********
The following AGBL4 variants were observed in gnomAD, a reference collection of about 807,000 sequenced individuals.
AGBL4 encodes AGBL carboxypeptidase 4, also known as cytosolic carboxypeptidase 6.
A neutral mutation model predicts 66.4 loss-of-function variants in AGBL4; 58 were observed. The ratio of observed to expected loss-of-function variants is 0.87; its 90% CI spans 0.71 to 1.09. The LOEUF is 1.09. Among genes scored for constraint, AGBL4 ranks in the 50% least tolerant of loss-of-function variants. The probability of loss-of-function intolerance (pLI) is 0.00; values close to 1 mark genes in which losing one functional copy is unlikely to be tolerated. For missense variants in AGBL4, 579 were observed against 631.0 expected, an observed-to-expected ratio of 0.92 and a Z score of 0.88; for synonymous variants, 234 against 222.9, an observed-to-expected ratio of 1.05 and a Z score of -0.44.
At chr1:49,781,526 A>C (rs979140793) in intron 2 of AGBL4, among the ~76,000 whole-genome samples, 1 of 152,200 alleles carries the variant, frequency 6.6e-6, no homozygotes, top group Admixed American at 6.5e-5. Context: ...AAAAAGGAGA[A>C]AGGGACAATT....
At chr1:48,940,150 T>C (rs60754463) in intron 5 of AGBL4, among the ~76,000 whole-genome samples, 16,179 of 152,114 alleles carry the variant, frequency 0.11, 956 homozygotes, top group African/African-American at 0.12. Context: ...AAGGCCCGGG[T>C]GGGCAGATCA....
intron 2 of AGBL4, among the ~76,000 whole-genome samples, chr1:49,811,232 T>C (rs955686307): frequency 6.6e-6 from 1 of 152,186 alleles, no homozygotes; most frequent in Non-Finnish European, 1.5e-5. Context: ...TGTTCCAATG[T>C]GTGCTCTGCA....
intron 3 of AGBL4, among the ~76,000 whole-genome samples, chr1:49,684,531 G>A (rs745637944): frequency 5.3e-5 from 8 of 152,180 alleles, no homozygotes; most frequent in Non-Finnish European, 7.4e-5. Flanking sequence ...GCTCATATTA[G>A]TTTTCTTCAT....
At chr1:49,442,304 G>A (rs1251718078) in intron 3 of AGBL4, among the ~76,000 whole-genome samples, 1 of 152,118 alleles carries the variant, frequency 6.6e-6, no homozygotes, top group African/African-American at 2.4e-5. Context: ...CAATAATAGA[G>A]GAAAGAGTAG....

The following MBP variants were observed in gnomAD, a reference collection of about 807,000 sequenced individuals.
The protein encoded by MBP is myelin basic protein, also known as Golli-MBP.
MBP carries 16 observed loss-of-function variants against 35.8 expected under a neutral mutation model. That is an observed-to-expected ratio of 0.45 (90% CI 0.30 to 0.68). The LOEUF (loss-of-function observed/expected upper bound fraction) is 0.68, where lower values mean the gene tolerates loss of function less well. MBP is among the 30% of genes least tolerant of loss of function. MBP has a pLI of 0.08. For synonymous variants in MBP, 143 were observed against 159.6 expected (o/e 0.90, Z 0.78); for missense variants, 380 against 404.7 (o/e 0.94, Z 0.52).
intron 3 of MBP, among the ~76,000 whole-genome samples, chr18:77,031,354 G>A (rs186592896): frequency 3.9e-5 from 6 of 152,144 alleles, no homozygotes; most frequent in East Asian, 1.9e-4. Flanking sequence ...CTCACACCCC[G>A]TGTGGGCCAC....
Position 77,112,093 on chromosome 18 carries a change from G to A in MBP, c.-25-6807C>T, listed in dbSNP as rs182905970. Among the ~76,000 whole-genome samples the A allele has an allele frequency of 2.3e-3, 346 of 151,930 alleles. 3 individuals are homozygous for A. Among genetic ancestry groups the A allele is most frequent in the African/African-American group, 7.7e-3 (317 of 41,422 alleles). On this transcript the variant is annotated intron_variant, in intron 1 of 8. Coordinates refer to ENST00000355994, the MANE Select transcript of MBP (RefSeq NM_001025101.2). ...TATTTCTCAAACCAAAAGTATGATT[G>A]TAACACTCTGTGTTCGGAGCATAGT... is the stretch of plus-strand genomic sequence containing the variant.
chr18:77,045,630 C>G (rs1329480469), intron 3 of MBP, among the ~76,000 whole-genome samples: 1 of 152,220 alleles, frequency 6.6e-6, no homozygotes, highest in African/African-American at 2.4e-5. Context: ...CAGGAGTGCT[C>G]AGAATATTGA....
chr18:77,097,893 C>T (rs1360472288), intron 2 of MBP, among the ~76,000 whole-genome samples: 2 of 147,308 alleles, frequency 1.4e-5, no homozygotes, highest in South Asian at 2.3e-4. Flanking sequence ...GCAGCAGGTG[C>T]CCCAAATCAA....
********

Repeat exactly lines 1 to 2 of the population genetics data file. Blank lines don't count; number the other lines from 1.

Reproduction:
The following AGBL4 variants were observed in gnomAD, a reference collection of about 807,000 sequenced individuals.
AGBL4 encodes AGBL carboxypeptidase 4, also known as cytosolic carboxypeptidase 6.